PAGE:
I had the lowest ever expectations of “The Family Hustle,” VH1’s newest reality show featuring rapper Clifford “T.I.” Harris, his wife Tameka “Tiny” Harris, and their blended family, which includes six children. I was expecting a disturbing, hoodtastic mess. But what I saw on Monday night was a man who’s made horrible decisions finally growing up and accounting for them. Not just in words, but in actions. This new and improved side of T.I., or perhaps one that was there all along that we weren’t privy to? I likey.
The debut episode of “Family Hustle” showed a doting father schooling his children on the rules of the house and life, and sacrificing his professional obligations to attend his son’s football game. As a husband, he was playful, romantic and attentive. (That he’s a good provider goes without saying.) As a mother, Tiny was nurturing and silly, even if she was harmlessly inappropriate at times. As a wife, no surprise, she was all about her man.
It’s “not the Brady Brunch” as Tiny states in a commercial for the show, but it is a large family with genuine love that leaps off the screen. I never “got” their 10-year relationship before -- and I didn’t have to, as long as they get it, that’s what matters -- but now that I’m aware of what goes on, at least in the editor’s cut, I’m not even mad.
What I am a little mad at though, is the way T.I. and Tiny’s relationship was uplifted as ideal. I know TV -- and 72% of homes -- are lacking a male/father figure, but I was surprised to hear so many people talking about how T.I. and Tiny were a couple they envied. Really?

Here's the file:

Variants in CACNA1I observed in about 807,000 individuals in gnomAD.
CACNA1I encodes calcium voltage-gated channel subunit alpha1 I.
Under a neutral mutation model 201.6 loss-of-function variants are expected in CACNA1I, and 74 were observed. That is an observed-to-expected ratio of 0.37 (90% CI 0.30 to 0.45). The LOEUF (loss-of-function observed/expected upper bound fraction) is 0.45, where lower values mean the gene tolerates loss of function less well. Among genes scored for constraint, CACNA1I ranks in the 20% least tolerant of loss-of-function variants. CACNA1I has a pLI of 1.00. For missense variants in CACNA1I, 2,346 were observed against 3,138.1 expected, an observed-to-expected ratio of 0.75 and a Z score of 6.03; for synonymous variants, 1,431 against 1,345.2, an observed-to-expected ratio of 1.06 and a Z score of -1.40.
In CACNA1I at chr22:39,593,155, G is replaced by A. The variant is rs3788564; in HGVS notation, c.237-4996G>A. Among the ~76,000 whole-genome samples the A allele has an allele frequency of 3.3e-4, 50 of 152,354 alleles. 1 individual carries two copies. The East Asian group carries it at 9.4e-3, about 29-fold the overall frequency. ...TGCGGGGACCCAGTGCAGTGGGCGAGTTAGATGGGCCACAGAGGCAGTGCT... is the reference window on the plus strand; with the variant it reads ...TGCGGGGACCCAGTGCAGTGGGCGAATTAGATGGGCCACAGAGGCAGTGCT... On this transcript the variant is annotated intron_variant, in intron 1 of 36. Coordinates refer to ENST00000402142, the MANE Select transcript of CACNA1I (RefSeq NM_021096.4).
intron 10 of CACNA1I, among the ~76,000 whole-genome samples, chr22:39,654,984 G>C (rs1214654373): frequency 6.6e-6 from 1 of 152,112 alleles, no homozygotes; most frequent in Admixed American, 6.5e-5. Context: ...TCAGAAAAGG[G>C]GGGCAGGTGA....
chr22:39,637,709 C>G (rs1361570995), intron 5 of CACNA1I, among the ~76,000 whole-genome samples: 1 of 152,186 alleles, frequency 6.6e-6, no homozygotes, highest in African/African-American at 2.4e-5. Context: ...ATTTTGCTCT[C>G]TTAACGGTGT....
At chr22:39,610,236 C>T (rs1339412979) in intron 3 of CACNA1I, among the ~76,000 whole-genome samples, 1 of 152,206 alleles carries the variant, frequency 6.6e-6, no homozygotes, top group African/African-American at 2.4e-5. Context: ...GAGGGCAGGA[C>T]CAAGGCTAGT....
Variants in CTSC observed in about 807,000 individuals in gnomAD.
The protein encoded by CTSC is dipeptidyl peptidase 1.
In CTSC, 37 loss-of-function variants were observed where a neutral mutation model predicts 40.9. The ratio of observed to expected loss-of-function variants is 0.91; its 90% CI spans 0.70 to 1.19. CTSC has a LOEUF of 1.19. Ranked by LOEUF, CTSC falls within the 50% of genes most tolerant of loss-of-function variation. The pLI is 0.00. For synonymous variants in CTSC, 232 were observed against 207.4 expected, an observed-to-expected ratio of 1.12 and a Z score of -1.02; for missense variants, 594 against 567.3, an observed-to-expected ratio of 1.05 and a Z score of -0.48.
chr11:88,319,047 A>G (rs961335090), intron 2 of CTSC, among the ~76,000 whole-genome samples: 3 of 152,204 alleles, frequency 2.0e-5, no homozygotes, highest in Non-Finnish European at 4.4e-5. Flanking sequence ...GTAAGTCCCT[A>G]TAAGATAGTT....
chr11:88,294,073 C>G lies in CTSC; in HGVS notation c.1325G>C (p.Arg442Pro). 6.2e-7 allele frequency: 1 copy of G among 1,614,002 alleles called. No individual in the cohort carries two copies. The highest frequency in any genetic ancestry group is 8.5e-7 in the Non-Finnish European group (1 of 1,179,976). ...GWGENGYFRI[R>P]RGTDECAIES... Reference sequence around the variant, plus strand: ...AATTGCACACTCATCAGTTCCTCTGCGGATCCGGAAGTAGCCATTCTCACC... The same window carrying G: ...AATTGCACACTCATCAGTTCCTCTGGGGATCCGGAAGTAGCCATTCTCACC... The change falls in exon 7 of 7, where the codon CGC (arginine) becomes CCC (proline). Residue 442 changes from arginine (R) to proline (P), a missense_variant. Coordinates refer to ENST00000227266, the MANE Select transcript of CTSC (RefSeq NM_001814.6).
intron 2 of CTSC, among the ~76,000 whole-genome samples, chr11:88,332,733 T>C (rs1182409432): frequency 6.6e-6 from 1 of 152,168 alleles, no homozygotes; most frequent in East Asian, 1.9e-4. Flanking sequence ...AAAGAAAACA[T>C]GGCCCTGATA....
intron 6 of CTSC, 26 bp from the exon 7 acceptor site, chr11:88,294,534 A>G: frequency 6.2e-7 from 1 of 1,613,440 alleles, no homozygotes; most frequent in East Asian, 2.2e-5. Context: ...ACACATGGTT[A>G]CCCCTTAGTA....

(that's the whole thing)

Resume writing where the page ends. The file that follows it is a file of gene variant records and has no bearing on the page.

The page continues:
Over on Clutch, Britini Danielle penned an essay, “Jim Jones and T.I. Show Us How to Love." She writes, “Say what you will about Tiny and T.I.’s hoodrich love, but theirs is the type of relationship many long for: Loving, affectionate, fun, respectful, and supportive.”
I agree that these are the traits of a great relationship, but aren’t we overlooking a whole lot to quickly place T.I. and Tiny on the Obamas' pedestal?
“While it’s cute, sweet, and seems genuine, don’t get wrapped up in the love and hip-hop thinking it could be you,” one commenter wrote in response to Danielle’s piece. “To reiterate a conversation held while watching the show: “You can’t turn a hoe into a housewife, but you can turn a drug dealer into a husband?”
Another commenter said she was “disturbed” by the number of women on her Twitter timeline saying they wanted what T.I. and Tiny have. “Uruh…T.I. may be a loving husband, but he’s still a colossal f*** up,” she wrote. “Think of the superfluous drama that comes along with “holding a man down” when he’s in jail twice in three years. I wouldn’t wish marriage to him on my worst enemy. A family head should be a good decision-maker.
What did you think of "Family Hustle?"
Demetria L. Lucas is the author of “A Belle in Brooklyn: The Go-to Girl for Advice on Living Your Best Single Life” (Atria) in stores now. Follow her on Twitter @abelleinbk
- Red Carpet